Another way is to arrange the plate so that the loaded rope forces the dead rope onto the device body, this is the principle of the `guide plate´. Not many devices have been made with this principle for lead belaying though the Kong Robot could be used this way. I saw a device using this principle on my first Alpine trip in 1970 which was made from one short chain link welded at an angle to a long one, it appeared home-made but most things were then anyway. Out of curiosity I have made a couple up and played with the angles, around 135° seemed best and and also with two long links instead of one short and one long, while it gave good braking power the rope handling was not really acceptable requiring more delicacy than is usual for climbers. Paying out is relatively good but if you need to take in slack the device rides up into the locking position easily. Here´s a picture for you home experimenters. One way to improve the handling might be to add a spring on the karabiner side as on some older Sticht plates, but I think marketing this weird monster with a spring on the back would be difficult to say the least! (Don´t worry about the cuts through the
While not directly affecting the performance of the device to a significant extent (until it melts the rope) the energy of a faller or for that matter an abseiler has to go somewhere and this is going to be in the form of heat. The work of bending is manifested as heat inside the rope, both from the energy required to stretch and compress the threads and the friction between them and would be expected to be retained in the rope, any transfer to the belay device being miniscule. The work of friction produces heat at the interface between the rope and the device and the proportion which goes into which is a function of the relative thermal conductivity of the materials (this is a very complicated subject and the above is a simplification). Since the thermal conductivity of aluminium (250 W/m.K) is 1000 times higher than that of nylon (0.25 W/m.K)it is obvious that the bulk of the energy goes into the device and the karabiner and needs to be transferred into the air to keep the device getting too hot.
A large surface area to increase the transfer to the air and high thermal conductivity to allow the heat to transfer away from the contact point through the device are the obvious requirements. Over the years aluminium has become the material of choice as it it relatively light allowing a larger surface area device to be built without climbers complaining about the weight. It also has a conveniently high thermal conductivity moving the heat rapidly from the contact point. Of course in most devices a lot of the friction is generated at the karabiner and so using an HMS karabiner with more material and a larger surface area is not a bad thing either. One manufacturer produces a belay plate from stainless steel with some interesting if undefined claims regarding reduced heat build up ("it stays a lot cooler") in long abseils. Since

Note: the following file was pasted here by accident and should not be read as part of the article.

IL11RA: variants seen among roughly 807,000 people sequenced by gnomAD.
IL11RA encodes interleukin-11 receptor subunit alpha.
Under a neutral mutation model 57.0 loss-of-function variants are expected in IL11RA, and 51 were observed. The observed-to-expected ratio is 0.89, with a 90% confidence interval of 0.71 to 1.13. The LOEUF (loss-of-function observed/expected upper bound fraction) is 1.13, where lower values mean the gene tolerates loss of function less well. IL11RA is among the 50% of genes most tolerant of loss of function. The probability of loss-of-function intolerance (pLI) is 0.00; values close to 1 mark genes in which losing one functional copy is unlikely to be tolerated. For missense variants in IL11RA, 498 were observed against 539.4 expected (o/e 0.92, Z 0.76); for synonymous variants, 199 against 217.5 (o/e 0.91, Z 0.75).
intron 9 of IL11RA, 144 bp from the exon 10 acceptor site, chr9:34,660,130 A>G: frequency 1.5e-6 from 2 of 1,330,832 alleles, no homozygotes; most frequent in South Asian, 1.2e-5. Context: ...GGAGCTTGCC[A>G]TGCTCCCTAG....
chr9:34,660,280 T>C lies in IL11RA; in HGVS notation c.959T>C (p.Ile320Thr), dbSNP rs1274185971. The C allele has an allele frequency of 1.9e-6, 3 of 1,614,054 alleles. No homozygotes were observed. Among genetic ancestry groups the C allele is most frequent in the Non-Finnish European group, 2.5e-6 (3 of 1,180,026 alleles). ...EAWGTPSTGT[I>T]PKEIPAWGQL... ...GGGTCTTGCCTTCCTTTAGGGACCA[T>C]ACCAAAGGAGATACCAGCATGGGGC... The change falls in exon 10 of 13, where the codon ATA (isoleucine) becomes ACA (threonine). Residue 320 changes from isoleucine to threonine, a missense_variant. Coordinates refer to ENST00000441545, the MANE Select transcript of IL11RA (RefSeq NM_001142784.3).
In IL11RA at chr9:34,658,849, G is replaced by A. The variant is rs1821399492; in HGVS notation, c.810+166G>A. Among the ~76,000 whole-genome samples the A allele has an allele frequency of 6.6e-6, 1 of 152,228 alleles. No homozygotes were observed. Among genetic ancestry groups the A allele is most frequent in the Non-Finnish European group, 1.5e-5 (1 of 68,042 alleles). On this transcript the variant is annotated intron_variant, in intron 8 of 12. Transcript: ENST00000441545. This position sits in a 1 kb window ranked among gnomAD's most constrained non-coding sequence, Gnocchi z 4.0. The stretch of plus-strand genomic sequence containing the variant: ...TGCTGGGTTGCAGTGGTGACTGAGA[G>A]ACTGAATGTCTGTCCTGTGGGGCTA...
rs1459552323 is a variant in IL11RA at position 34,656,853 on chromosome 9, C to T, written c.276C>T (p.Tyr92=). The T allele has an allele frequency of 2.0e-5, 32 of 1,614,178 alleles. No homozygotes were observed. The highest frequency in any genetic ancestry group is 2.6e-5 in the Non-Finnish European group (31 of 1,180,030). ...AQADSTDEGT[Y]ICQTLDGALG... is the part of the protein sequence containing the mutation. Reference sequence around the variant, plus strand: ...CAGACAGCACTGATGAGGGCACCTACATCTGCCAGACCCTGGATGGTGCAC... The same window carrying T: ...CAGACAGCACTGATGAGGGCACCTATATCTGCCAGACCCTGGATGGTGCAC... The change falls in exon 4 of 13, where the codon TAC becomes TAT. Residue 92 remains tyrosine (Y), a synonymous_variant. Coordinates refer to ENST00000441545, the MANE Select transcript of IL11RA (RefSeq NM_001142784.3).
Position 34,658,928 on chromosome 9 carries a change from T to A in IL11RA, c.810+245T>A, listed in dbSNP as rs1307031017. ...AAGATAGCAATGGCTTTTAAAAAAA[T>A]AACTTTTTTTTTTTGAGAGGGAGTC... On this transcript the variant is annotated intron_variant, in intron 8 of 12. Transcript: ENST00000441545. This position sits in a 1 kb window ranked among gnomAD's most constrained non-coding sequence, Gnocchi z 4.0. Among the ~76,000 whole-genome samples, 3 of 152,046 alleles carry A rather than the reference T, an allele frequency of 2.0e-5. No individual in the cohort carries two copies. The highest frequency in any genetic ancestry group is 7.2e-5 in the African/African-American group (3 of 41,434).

another manufacturer whose device is predominantly stainless steel specifically warns against long (over 50m) abseils due to the danger of overheating there is obviously some difference of opinion over this. The thermal conductivity of stainless steel is vastly lower than that of aluminium (ca. 16 W/m.K) and therefore a higher proportion of the heat energy must go into the rope but conversely the heat going into the device is transferred away from the contact point and into the air less effectively. Naturally enough the rest of the plate is then cooler but the temperature at the contact point with the rope (which melts at relatively low temperatures) will be higher. Personally I think this is the wrong way round, I don´t care if the device is too hot to touch as long as the contact point is ice cold!